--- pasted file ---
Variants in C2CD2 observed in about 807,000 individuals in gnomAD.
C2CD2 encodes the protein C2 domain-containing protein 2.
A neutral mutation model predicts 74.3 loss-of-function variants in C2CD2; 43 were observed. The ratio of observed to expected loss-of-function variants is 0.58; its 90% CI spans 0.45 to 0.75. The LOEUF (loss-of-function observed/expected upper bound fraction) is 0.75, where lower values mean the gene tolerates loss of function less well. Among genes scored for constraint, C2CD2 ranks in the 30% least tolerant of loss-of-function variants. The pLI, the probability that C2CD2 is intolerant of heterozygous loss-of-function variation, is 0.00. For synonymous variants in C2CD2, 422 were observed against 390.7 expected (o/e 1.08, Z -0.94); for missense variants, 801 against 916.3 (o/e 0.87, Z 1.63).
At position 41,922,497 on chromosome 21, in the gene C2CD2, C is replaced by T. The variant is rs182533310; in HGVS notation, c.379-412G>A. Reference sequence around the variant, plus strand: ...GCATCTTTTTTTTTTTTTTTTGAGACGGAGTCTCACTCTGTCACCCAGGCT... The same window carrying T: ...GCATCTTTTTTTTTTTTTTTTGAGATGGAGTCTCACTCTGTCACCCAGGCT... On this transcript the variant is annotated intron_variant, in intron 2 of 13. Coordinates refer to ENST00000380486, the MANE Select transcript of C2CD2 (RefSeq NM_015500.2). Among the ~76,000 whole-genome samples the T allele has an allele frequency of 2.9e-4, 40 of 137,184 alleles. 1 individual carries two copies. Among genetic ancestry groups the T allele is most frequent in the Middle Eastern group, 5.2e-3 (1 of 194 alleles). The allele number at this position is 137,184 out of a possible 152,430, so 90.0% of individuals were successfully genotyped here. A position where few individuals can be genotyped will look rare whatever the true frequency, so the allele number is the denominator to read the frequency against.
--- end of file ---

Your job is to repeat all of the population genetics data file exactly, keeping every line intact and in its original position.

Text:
Variants in C2CD2 observed in about 807,000 individuals in gnomAD.
C2CD2 encodes the protein C2 domain-containing protein 2.
A neutral mutation model predicts 74.3 loss-of-function variants in C2CD2; 43 were observed. The ratio of observed to expected loss-of-function variants is 0.58; its 90% CI spans 0.45 to 0.75. The LOEUF (loss-of-function observed/expected upper bound fraction) is 0.75, where lower values mean the gene tolerates loss of function less well. Among genes scored for constraint, C2CD2 ranks in the 30% least tolerant of loss-of-function variants. The pLI, the probability that C2CD2 is intolerant of heterozygous loss-of-function variation, is 0.00. For synonymous variants in C2CD2, 422 were observed against 390.7 expected (o/e 1.08, Z -0.94); for missense variants, 801 against 916.3 (o/e 0.87, Z 1.63).
At position 41,922,497 on chromosome 21, in the gene C2CD2, C is replaced by T. The variant is rs182533310; in HGVS notation, c.379-412G>A. Reference sequence around the variant, plus strand: ...GCATCTTTTTTTTTTTTTTTTGAGACGGAGTCTCACTCTGTCACCCAGGCT... The same window carrying T: ...GCATCTTTTTTTTTTTTTTTTGAGATGGAGTCTCACTCTGTCACCCAGGCT... On this transcript the variant is annotated intron_variant, in intron 2 of 13. Coordinates refer to ENST00000380486, the MANE Select transcript of C2CD2 (RefSeq NM_015500.2). Among the ~76,000 whole-genome samples the T allele has an allele frequency of 2.9e-4, 40 of 137,184 alleles. 1 individual carries two copies. Among genetic ancestry groups the T allele is most frequent in the Middle Eastern group, 5.2e-3 (1 of 194 alleles). The allele number at this position is 137,184 out of a possible 152,430, so 90.0% of individuals were successfully genotyped here. A position where few individuals can be genotyped will look rare whatever the true frequency, so the allele number is the denominator to read the frequency against.